“GUYANA IS A SAFE PLACE”! SAYS JOE HARMON


Last Thursday the United States renewed its Level 2 travel advisory on Guyana. It advised travelers to exercise increased caution. The US’s four travel advisories range from ‘exercising normal caution’ to ‘do not travel.’ The recent shooting to death of three men at Black Bush Polder, Berbice, and another three men in a home in Norton Street, Georgetown, that they had invaded, is a backdrop to the travel advisory, which is the same level of caution that Guyanese would normally exercise.

Most who live or work in Georgetown avoid certain areas and exercise increased caution even when not in those areas. Most do not wear jewellery or keep it safely hidden on their person. It is not safe for women to walk with handbags or for men to have easily accessible wallets which are easy targets for pickpockets, with the aid of knife or gun. Reports of harrowing incidents fill our daily news and these are only the tip of the iceberg of what happens every day in our streets and homes. Many overseas Guyanese, particularly from Berbice, do not visit Guyana on holiday because of the crime situation. All Guyanese know that visiting relatives are an invitation to bandits, as the Norton Street incident demonstrates.

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MILES GREEVES FITZPATRICK 1936 – 2019


Miles Greeves Fitzpatrick was born on the 12th January, 1936. His parents were the late Maxwell and Millicent Fitzpatrick. He was the brother of the late Eileen Bhola, the husband of Sultana Fitzpatrick, the father of Ron Garry Fitzpatrick and the grandfather of Zoe and Michael. He passed on the 12th March, 2019, at the age of 83, after a short period of declining health but during which he remained engaged and lively. I joined a few mutual friends, his family and some relatives at his home in celebration of his 83rd birthday in January.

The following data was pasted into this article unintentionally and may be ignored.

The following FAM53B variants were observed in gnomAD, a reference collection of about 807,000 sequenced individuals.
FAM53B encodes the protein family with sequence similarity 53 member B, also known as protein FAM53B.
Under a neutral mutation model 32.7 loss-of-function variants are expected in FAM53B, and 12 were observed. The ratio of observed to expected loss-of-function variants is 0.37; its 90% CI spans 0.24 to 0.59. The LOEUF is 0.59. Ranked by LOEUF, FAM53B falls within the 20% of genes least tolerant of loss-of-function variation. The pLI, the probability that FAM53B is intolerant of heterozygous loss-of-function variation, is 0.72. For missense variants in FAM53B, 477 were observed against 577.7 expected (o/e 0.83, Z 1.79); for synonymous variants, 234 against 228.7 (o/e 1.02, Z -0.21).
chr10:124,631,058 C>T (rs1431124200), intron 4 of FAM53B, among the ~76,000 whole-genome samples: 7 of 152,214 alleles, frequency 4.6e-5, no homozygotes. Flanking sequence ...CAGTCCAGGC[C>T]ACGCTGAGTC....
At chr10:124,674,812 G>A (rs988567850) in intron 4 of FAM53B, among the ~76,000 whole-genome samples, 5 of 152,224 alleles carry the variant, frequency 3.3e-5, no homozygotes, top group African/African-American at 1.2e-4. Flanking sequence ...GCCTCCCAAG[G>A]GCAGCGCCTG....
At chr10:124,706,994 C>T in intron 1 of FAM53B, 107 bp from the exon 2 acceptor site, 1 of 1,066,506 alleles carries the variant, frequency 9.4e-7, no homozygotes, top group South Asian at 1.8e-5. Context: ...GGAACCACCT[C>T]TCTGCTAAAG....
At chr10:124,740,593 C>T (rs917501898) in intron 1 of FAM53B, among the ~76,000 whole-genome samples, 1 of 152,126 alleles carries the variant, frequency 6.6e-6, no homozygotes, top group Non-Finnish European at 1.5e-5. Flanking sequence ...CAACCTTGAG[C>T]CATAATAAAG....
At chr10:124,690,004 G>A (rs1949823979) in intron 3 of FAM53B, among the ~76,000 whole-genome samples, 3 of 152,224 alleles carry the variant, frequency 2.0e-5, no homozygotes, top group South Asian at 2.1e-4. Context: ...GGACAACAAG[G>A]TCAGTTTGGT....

Miles was born in Queenstown, Georgetown and attended Queen’s College. After High School, he graduated as a lawyer in 1956 and was called to the British Guiana Bar in January, 1957, following the footsteps of his father, who was a Solicitor and Magistrate. He entered private practice and joined the Peoples’ Progressive Party, an unusual step for a product of the Georgetown middle class. He was active in politics in the pre-Independence 1960s.

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